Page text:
Since long ago, tea in Korea has been associated with medicinal effects. Many ingredients in traditional concoctions, such as ginseng, overlap with those used in tea.
Besides green tea, there are many other types of tea enjoyed in lieu of water, as desserts and as healthy drinks.
Another common one here is barley tea, known as bori-cha in Korean. Made by steeping roasted barley, the tea is enjoyed both hot and cold, and substitutes drinking water in many homes and restaurants.
This grain-based tea is high in fiber and known for its hydrating effects. To make barley tea, roasted unhulled barley should be boiled in water. Barley tea is also widely available in teabags or bottled form. Another similar grain-based tea available in Korea is corn silk tea.
|Plum tea (Korean Food Foundation)|
Fruit teas are becoming more prevalent in coffee shops here too. One of the most popular teas available in such places is citron tea, also known as yuzu tea, or yuja-cha in Korean.
Citron tea is made by thinly slicing the rind of the citrus fruit, mixing it with sugar, and letting it sit for a few days before serving with hot water. Similar to lemon tea, citron tea is sought out not only for its sweet taste but also for its ability to soothe headaches and coughs.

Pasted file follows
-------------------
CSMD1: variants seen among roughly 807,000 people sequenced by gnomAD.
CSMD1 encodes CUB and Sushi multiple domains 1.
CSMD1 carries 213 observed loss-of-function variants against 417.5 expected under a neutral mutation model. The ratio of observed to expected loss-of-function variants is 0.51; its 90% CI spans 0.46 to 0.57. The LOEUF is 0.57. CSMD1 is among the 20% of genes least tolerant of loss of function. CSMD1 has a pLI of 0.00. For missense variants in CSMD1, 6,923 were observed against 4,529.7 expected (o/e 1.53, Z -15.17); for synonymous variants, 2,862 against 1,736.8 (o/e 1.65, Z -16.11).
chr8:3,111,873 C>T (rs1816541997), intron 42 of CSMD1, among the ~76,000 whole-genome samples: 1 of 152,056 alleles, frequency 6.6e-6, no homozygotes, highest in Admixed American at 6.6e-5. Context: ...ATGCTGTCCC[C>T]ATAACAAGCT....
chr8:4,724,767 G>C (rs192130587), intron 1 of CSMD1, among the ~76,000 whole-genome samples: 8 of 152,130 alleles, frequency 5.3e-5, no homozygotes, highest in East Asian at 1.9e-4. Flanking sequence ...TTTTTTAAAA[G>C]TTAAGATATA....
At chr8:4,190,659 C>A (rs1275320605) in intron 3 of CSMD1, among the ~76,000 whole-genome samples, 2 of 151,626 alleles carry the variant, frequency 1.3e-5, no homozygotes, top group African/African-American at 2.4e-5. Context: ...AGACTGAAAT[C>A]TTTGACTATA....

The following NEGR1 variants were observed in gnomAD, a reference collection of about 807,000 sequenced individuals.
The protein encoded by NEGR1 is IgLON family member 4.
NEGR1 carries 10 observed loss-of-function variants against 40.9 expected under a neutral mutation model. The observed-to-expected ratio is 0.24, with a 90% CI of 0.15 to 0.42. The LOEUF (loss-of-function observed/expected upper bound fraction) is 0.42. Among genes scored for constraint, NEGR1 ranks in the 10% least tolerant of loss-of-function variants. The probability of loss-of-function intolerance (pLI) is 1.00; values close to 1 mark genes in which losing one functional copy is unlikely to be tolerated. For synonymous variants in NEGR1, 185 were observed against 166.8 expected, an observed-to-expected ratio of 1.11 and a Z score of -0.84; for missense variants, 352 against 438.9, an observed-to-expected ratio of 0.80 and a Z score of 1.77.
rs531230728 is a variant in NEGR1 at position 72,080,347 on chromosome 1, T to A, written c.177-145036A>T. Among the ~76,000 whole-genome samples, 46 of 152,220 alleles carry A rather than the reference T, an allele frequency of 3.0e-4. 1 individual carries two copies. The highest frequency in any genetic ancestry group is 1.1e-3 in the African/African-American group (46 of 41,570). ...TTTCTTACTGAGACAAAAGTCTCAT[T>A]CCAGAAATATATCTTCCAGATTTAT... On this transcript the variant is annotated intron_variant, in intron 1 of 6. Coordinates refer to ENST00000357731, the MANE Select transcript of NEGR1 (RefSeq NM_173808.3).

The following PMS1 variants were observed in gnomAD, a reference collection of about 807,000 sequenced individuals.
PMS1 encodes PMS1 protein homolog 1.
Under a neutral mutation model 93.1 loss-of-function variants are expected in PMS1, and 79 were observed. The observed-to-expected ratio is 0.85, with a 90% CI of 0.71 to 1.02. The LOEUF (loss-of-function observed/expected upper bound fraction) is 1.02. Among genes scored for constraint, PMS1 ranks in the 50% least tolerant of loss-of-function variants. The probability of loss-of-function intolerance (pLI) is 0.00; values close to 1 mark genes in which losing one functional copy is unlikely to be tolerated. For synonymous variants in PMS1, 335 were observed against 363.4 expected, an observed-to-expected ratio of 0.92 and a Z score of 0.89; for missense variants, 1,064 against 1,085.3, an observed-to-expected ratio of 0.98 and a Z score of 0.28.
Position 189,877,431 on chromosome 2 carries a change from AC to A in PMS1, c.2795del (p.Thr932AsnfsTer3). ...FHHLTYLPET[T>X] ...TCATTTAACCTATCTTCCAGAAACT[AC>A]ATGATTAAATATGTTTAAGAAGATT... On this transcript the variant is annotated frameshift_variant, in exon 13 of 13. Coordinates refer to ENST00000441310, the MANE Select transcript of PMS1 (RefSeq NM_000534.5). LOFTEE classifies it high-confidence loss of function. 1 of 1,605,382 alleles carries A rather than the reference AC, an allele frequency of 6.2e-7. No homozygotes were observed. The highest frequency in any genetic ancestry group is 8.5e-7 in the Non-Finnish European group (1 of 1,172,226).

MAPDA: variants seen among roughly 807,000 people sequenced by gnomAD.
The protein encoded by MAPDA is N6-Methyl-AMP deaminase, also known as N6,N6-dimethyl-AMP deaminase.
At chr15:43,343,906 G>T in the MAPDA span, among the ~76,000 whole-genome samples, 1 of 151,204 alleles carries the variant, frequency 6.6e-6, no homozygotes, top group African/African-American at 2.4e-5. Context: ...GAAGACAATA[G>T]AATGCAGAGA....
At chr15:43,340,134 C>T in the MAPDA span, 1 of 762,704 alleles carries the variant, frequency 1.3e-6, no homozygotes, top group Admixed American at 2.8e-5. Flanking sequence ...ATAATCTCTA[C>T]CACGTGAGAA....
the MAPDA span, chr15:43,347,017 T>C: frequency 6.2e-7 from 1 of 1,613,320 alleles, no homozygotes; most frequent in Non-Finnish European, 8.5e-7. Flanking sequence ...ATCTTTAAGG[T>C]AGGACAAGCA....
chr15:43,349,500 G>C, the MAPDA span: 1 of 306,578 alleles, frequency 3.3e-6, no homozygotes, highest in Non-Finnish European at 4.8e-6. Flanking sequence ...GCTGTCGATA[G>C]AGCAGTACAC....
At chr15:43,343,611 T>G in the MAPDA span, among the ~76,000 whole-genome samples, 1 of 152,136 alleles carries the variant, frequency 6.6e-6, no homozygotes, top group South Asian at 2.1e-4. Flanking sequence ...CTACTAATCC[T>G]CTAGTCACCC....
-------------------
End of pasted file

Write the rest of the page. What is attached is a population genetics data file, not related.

Another favorite is omija-cha, which is also called five-flavored tea. It is made with berries from the schizandra plant. Whole berries are soaked in water then mixed with sugar to create the tea, which has salty, sweet, sour, pungent, and bitter flavors.
|Punch made with Omija-cha (Korean Food Foundation)|
The refreshing tea can be enjoyed hot, but it is an excellent substitute for fruit punch in the summer. Omija-cha is known for its detoxing effects, helping to lower blood pressure and strengthen the kidneys.
Other widely available fruit options include mogwa-cha, or quince tea, and maesil-cha, or plum tea.
For those who are looking for a healthy tea with medicinal properties, ginseng tea or ginger tea are top options.
Both are known for their ability to warm the body and provide a natural energy boost, helping to decrease fatigue and increase vitality. They can be brewed at home, or found in most traditional teahouses in Korea. Other healthy favorites include daechu-cha, made with jujubes, and ssanghwa-cha, made with medicinal herbs and roots.
By Won Ho-jung (firstname.lastname@example.org)